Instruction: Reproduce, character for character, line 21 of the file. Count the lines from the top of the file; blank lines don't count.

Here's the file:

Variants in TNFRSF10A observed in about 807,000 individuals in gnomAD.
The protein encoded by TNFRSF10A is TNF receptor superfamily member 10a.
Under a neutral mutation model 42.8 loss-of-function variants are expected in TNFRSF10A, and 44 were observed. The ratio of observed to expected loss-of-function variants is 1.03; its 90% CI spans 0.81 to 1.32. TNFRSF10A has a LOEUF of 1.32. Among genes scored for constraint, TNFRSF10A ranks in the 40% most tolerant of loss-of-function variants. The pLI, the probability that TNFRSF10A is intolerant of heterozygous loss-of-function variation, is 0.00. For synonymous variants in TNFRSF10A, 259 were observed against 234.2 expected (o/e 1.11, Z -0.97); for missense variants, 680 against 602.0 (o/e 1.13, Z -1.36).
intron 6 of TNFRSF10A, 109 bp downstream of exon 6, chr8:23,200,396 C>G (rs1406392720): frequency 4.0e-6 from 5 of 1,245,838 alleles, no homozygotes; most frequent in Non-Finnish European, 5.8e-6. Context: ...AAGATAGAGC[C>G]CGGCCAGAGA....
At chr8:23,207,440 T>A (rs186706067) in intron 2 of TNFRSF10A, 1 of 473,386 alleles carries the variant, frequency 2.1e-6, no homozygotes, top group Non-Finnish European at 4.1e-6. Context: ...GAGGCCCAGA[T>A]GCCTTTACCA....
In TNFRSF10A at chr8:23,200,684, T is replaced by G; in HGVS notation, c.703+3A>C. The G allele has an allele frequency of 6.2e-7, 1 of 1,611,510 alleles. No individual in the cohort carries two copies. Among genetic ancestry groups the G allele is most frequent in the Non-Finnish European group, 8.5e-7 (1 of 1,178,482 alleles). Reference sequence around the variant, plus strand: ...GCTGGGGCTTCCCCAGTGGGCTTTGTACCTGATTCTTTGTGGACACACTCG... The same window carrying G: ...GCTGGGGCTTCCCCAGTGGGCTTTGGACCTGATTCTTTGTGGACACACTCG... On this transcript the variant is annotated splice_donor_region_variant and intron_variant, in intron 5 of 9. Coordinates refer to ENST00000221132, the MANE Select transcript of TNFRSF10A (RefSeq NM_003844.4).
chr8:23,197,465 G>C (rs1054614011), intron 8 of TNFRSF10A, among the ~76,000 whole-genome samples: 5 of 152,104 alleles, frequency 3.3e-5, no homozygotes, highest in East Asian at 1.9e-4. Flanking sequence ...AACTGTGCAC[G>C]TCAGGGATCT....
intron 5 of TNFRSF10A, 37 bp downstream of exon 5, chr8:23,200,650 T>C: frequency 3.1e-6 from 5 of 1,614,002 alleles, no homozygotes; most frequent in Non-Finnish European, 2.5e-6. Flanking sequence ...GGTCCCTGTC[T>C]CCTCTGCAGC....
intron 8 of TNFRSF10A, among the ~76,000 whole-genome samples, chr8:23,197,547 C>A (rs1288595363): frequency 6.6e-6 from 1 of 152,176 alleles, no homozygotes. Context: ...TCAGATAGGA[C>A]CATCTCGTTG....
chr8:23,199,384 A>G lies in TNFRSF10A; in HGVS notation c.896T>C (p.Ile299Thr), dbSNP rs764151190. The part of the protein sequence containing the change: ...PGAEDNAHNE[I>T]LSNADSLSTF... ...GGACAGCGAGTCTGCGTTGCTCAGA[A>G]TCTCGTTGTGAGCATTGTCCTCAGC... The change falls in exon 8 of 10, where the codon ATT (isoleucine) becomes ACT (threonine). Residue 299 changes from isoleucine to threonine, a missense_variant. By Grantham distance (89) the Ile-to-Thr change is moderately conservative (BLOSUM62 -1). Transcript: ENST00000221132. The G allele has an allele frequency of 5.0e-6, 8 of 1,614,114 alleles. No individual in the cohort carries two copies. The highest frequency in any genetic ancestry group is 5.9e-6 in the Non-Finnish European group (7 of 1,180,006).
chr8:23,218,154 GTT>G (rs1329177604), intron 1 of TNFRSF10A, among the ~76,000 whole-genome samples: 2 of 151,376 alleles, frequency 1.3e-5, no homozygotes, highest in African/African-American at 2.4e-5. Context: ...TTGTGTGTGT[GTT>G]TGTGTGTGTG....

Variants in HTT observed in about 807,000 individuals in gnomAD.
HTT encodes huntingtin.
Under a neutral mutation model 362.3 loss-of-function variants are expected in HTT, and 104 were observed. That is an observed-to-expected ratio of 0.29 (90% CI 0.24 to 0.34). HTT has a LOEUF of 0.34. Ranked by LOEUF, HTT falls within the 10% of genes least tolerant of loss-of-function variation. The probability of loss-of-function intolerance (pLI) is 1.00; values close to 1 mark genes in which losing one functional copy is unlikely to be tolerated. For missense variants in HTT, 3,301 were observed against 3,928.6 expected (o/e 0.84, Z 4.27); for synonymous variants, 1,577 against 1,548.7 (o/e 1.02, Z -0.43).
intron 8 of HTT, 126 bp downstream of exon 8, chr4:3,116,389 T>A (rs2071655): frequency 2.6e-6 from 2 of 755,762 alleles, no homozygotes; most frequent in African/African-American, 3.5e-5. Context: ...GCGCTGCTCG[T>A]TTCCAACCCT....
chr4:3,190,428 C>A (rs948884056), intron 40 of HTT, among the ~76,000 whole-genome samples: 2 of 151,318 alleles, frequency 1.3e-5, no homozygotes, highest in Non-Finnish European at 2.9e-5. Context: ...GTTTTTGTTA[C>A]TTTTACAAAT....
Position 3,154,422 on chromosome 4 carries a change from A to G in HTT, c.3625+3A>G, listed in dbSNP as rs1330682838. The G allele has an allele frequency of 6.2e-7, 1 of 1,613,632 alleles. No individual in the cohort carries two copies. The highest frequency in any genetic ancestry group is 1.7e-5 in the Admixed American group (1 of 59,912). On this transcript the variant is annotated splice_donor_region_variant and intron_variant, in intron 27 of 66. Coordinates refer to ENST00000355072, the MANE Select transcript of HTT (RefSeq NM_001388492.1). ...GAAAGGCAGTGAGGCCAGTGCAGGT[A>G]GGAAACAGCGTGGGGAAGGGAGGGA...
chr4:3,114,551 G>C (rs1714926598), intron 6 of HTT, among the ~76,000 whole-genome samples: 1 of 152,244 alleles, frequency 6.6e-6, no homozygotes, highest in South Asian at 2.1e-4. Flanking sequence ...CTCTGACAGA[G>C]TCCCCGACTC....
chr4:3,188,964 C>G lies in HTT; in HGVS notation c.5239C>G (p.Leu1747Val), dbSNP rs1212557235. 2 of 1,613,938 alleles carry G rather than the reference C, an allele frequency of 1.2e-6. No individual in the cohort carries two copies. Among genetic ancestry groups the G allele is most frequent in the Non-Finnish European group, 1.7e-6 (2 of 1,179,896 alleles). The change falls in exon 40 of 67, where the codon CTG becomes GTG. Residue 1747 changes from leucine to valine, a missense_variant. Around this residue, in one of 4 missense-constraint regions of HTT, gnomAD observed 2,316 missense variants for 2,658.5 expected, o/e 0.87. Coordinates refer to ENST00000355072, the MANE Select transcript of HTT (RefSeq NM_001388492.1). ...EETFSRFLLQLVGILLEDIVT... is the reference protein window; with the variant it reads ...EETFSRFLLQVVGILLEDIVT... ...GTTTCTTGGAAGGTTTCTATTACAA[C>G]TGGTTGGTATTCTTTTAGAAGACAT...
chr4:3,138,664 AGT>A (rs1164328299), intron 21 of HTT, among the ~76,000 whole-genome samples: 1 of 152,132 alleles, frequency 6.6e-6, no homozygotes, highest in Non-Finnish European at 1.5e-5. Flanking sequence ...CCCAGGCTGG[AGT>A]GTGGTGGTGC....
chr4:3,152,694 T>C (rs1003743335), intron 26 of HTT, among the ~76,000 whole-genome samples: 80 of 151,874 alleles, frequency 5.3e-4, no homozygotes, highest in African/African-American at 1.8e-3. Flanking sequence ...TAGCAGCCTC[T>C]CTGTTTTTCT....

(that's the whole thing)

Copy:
chr4:3,152,694 T>C (rs1003743335), intron 26 of HTT, among the ~76,000 whole-genome samples: 80 of 151,874 alleles, frequency 5.3e-4, no homozygotes, highest in African/African-American at 1.8e-3. Flanking sequence ...TAGCAGCCTC[T>C]CTGTTTTTCT....